All publicity is good publicity when it is attached to a good cause. Or is it?
A violence against women campaign (These Bruised Up Pictures Of Indian Goddesses Have A Point To Prove) commissioned by the non-profit organization Save the Children India to promote its Save Our Sisters (SOS) anti-trafficking initiative in India, has used graphic images of models dressed up as goddesses from the Hindu pantheon. These figures, resplendent in ornate saris and jewellery, bear obvious signs of physical abuse. Many-handed Durga stands next to her lion with angry scars on her face; Lakshmi dispenses wealth and bounty, but the corner of her mouth is twisted by a bruise. These harrowing visuals are accompanied by a message: “Pray that we never see this day. Today, more than 68 per cent of women in India are victims of domestic violence. Tomorrow, it seems like no woman shall be spared. Not even the ones we pray to.” There is a number for people to reach out to if they need help or want to help others.
To my knowledge, the SOS campaign has been mostly received with approval so far. It has been called “powerful” but “shocking”, and necessarily so, because the “social issue that these ads try to tackle is a very important one and something we must take seriously as a society,” as the media portal Scoop Whoop puts it. British newspaper Daily Mail calls it “hard-hitting” (Battered and bruised Hindu goddesses unveiled to highlight plight of India’s sex trafficking victims). And indeed, there is more than a grain of truth in these sentiments. Violence against women, or for that matter against any living being in ordinary circumstances, is not acceptable, and every attempt must be made to deter the perpetrators, protect victims, and sensitize the public to it.
Some have taken exceptions to the way the campaign has been pitched, and rightly so, in spite of its presumably noble intentions. Nisha Susan writes in the webzine The Ladies Finger! that “The problem with the term domestic violence is that, like the prettily bruised goddesses, it doesn’t quite capture the shattering of bones, the clotting of blood, the breaking of nose, the breaking of teeth, the breaking of ribs, the attempts to burn you” (The Trouble With Being A Goddess). As Susan’s nuanced analysis of the reality of abuse points out, the SOS campaign is not just in spectacularly bad form but also strikingly shallow in the message it manages to send out.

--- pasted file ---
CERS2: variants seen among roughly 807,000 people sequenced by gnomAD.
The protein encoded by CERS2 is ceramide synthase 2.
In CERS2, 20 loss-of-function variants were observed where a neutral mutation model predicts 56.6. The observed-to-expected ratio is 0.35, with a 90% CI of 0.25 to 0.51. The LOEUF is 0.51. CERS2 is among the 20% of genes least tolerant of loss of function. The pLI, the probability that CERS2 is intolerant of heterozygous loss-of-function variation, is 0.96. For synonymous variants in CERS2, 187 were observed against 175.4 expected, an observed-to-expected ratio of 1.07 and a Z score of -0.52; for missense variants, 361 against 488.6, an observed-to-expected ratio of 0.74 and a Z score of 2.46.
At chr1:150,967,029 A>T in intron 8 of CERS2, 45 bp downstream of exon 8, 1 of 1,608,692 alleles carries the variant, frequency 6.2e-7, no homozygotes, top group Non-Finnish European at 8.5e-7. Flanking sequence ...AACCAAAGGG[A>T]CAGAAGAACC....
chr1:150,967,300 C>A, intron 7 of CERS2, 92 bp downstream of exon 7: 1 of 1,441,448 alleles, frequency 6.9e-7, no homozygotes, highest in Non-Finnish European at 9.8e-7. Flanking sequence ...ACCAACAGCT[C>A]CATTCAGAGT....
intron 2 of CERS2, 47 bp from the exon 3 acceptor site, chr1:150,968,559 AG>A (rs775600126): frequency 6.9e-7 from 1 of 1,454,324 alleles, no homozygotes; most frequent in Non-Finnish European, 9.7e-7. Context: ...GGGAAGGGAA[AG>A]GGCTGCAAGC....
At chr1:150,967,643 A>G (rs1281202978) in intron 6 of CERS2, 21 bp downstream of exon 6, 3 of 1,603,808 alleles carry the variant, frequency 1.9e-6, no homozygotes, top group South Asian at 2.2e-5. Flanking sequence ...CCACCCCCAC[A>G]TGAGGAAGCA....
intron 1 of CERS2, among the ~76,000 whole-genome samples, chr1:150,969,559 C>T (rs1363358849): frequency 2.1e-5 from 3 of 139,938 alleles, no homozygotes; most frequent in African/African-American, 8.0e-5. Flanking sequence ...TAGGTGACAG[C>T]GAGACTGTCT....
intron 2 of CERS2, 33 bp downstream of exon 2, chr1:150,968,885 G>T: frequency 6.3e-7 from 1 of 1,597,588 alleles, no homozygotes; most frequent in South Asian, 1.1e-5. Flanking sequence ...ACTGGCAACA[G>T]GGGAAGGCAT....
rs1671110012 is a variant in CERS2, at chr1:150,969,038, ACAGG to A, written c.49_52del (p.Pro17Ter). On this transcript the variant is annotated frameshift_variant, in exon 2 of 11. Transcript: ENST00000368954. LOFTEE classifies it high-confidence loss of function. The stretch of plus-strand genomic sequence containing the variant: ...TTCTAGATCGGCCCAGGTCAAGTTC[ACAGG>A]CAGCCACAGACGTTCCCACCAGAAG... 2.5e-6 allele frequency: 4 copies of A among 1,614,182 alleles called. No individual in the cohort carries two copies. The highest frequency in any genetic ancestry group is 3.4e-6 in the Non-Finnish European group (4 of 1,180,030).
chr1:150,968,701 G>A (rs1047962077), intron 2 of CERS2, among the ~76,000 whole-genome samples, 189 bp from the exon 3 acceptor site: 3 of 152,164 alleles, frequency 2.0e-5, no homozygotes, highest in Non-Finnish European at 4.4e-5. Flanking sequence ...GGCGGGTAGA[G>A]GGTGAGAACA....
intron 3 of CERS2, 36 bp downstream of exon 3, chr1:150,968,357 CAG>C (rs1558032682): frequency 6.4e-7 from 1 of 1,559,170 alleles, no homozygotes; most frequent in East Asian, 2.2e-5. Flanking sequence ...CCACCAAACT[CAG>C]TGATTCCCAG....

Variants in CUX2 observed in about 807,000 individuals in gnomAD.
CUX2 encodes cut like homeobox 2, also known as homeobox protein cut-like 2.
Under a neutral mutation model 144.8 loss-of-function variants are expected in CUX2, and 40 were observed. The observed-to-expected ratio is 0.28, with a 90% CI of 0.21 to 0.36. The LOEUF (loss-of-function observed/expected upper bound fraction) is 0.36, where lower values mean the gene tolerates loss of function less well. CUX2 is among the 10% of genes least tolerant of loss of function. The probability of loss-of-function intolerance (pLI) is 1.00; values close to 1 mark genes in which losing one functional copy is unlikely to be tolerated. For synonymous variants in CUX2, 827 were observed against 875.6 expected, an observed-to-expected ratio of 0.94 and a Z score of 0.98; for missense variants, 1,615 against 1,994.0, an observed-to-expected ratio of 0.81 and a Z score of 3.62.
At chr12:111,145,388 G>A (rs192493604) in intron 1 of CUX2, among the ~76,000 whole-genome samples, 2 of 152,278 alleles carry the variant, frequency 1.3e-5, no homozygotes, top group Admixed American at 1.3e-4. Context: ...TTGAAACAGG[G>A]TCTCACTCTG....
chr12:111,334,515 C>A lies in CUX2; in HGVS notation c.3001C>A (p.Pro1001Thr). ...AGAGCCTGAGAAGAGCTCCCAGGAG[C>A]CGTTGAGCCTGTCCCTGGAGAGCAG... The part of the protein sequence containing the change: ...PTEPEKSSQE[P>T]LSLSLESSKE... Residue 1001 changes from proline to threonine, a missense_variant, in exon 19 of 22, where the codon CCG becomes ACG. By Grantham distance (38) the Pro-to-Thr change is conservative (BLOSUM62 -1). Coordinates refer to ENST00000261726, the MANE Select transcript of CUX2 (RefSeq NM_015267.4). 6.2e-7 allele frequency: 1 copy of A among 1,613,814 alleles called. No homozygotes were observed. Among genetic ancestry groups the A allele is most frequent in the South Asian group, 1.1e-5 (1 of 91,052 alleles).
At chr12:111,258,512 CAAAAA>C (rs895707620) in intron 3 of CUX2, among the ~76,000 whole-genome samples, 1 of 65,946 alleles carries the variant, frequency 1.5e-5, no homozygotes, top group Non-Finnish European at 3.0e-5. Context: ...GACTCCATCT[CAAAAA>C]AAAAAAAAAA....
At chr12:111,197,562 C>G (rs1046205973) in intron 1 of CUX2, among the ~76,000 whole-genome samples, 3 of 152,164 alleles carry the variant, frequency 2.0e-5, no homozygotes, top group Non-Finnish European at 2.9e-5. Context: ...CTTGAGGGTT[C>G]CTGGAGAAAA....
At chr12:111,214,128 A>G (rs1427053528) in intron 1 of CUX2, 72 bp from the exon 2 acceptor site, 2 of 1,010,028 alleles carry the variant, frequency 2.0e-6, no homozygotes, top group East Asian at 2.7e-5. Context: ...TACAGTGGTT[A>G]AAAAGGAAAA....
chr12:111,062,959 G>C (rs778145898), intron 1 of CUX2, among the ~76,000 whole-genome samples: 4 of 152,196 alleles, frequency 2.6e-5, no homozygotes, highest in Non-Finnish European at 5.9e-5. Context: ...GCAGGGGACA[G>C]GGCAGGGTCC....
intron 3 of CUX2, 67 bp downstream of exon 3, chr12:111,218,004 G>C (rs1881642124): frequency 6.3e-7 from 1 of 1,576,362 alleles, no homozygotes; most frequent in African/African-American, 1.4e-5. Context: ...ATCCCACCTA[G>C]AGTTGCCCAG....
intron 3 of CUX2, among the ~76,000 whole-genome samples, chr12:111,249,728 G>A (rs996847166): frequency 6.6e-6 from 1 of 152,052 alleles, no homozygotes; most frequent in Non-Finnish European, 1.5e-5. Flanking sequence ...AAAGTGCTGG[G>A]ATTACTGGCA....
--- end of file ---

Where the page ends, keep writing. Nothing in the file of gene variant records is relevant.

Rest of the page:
To begin with the aesthetic part, there have been worse examples of tasteless artwork in the history of advertising—from the campaigns run by United Colors of Benetton since the 1990s (Top 10 Controversial United Colors of Benetton Ads) to those run by Ford Figo, more recently (Bobby Pawar, chief creative officer and managing partner at JWT India, axed as the Ford India sexually offensive ad controversy deepens ). I am also reminded of a recent fashion spread in Vice magazine on women writers who committed suicide, which opened up the hornet’s nest of the ethics of representing suffering (EYE SPY: Don’t look now ).
But the offence, in the case of the SOS campaign, does not simply pertain to the depiction of wounded women; it also stems, rather, from the patriarchal insinuation that only the vision of a wounded goddess will have the desired effect on the abuser and deter him from further mischief. It’s not enough to invoke “sisters” in the name of the campaign itself, but the point must be laid on with a trowel. To be respected, women must be imagined either as mothers or sisters or, better still, exalted as deities. To consider them simply as individuals who, like any other, deserve to be treated fairly, does not have the same potency as turning them into what they are certainly not—namely, entities from another planet, as the SOS campaign seems to suggest.
In India, as in many other societies, there is a cultural tradition of encouraging men to think of women as being part of an extended pseudo-filial network. From glorifying the nation-state as Mother Supreme to calling the girl next door sister, the history of imagining the woman as the Other is charged with many prejudices—political, social, psychological. If such an attitude is supposed to help inculcate more respect for the opposite sex in the male psyche, that seems hardly to have worked in reality. Surveys have repeatedly shown that a majority of women are abused by either members of their own family or people who they are close to. Clearly, the fear of god or the thought of his extended family is hardly going to discourage a man from stop hitting women or threatening them with violence or treating them like lesser mortals (it’s another matter that the choice of Hindu goddesses is patently exclusionary, leaving out members of other castes and religious denominations).
What troubles me most as a man is the institutional consensus that deification of women is a valid and reasonable way of grappling with the problem of violence against women. Such an endorsement from “society”, whatever that means, makes the first principles of gender equality appear redundant. Ironically, this line of thinking, often culturally endorsed and entrenched, reinforces an ancient inequity between the genders: men and women must be hierarchically placed in relation to one another, one party must defer to the other, in order to live in harmony. Once a peaceful coexistence is achieved, everything else, namely equality and dignity, can go for a toss.